Should You Install a Sump Pump?
When your basement flooded a few years ago, helpful neighbors went on bucket brigade to bail out the mess. It took a lot of effort and sweat to put things right again.
Since then, you’ve wondered what you might do to keep floods and ground water away from your basement and foundation. You don’t want to repeat the past! So should you install a sump pump or drain tile? After all, you live in a flood-prone area.
Learn Sump System Basics
Even if your neighbors tell you to install a sump pump, you may feel unsure. Sump systems seem complicated. You wonder if they’ll really protect your basement the next time storms rage and waters flow.
Don’t worry-you don’t need to get into product specifics yet. First, learn the basics of sump pump operation. Here’s how a typical system works:
- Ground water collector – Many flooding problems come from soggy ground that requires a water collecting system. Drainage rocks or tiles buried near your home’s foundation carry groundwater directly to your sump pump.
- Sump tank – Some waterproofing companies also refer to the sump tank as a pit or basin. Installers put this tank or pit in the lowest part of your basement. Tank construction may involve fiberglass, concrete, tile, steel, or even clay. Most tanks sit two or three feet deep.
- Pump system – Once water collects in your sump tank, it has to go somewhere. Your pump system moves the liquid out of your tank through pipes or hoses. Pumps turn off when the water’s level drops low enough.
- Drain outlet – After your pump system carries water away from your basement, it deposits the liquid far away from your home. Ask your waterproofing expert or city officials about building codes, which dictate where the water goes.
Now that you know a little more about how sump pumps operate, you’re ready to move on to sump pump types.
Choose a System Type that Works for Your Situation
Remember, the type of sump pump you need depends on your home’s size, your property’s grading (slope), your flooding risk, and other factors.
Speak to a licensed professional about which pump works best in your situation; however, you can still benefit by reading about basic pump types.
Small size is just one of the reasons people choose submersible pumps for their sump systems. Additionally, submersibles don’t require intake pipes along the basement wall. Instead, submersible has a built-in pump that sucks in water directly from the ground.
Another benefit of a submersible pump involves the protective grate over its face. This grate keeps out dirt, debris, or rocks that might otherwise clog an intake pipe.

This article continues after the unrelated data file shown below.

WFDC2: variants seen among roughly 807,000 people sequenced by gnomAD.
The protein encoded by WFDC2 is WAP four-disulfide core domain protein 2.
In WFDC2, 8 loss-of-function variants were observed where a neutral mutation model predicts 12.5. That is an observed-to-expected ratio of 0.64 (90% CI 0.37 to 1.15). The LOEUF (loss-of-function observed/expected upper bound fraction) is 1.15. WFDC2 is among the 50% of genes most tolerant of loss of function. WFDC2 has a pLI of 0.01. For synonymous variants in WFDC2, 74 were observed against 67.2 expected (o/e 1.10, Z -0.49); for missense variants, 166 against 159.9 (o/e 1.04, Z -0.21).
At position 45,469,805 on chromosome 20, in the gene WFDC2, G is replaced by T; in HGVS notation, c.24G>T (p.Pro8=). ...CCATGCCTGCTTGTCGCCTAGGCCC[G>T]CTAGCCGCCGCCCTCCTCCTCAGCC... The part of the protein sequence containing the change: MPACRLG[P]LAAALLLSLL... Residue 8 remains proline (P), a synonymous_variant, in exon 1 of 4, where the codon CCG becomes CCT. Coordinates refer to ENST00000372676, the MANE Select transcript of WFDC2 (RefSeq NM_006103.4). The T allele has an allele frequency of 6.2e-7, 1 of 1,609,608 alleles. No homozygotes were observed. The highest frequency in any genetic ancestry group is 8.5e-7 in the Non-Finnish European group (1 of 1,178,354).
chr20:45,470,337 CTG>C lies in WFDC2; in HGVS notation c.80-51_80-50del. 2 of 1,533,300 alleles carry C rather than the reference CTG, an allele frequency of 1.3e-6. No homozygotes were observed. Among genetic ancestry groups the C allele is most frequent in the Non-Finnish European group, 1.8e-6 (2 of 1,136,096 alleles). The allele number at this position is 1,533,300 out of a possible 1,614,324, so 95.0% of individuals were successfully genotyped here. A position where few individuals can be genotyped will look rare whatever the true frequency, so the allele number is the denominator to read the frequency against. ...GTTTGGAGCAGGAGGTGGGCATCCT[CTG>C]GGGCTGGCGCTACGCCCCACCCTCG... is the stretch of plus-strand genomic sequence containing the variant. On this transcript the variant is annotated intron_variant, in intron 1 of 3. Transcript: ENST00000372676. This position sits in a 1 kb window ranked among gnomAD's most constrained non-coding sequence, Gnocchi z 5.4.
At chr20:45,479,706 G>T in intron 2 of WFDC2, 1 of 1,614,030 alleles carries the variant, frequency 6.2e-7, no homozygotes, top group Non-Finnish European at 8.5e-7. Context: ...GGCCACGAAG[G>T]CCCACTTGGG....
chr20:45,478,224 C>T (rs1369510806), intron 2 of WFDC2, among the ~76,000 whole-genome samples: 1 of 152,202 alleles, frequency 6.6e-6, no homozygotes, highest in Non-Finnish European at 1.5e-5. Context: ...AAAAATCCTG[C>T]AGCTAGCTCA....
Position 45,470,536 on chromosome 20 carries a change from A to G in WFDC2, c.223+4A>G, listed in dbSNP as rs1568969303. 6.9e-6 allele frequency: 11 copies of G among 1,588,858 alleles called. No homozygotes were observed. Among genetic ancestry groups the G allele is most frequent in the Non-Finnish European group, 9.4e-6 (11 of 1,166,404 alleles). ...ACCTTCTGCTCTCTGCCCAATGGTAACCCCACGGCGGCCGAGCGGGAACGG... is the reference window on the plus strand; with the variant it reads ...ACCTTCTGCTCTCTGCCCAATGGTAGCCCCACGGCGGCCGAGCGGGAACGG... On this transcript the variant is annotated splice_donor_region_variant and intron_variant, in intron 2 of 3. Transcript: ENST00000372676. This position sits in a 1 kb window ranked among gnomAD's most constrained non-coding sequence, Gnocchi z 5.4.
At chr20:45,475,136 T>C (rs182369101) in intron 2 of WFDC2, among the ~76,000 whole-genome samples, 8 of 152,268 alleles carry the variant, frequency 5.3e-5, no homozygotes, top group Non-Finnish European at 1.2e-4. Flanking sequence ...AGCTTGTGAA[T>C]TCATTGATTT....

Pedestal-style pumps are a common choice for homeowners. The entire pump unit stands around 30″tallfrommotor (top of pedestal) down to pit level. Most pedestal pumps include a float switch that monitors water levels. Once levels reach a certain height, the pump turns on, sending water up a pipe and out of the basement.
Some homeowners prefer this sump pump type to a submersible simply because pedestal pump motors always sit above water and are easier to service.
Variant Pump Types
Although most sump pumps are really some form of a submersible or pedestal pump, homeowners have additional choices:
- Ejector pumps keep pumping systems clear of small gravel and debris. The ejector feature also prolongs the life of your pump.
- Sewage pumps-as mentioned earlier-connect your sump pump directly to the city sewer system. These types of pumps are used in sewer backup prevention systems.
It never hurts to shop around for the right sump pump type, model, and price. Your waterproofing representative will know which manufacturers offer the best warranties.
Follow Waterproofing Tips
If you decide on a sump pump system, great. In fact, you may need more than one if your home is large.
However, you should also talk to your waterproofing representative about general waterproofing tips. After all, you may have leaky gutters that feed the flooding risk. If your property slopes toward your foundation, that creates another risk.
When you talk to a specialist, ask whether your home needs a sump pump, or if you might do okay with a French drain instead. If your patio slopes toward the foundation, you may be able to lift slabs so they carry water away to your yard. And if your foundation shows cracks, your waterproofing specialist can repair those flaws.
Not every homeowner knows the potential flooding problems they may face when they buy a home. It’s easy to fall in love with a property and not notice faint water marks on the basement walls. If you worry about your basement, don’t wait. Learn about your risks now so you can prevent a flooding disaster later.
With a sump pump, you may never need a bucket brigade again!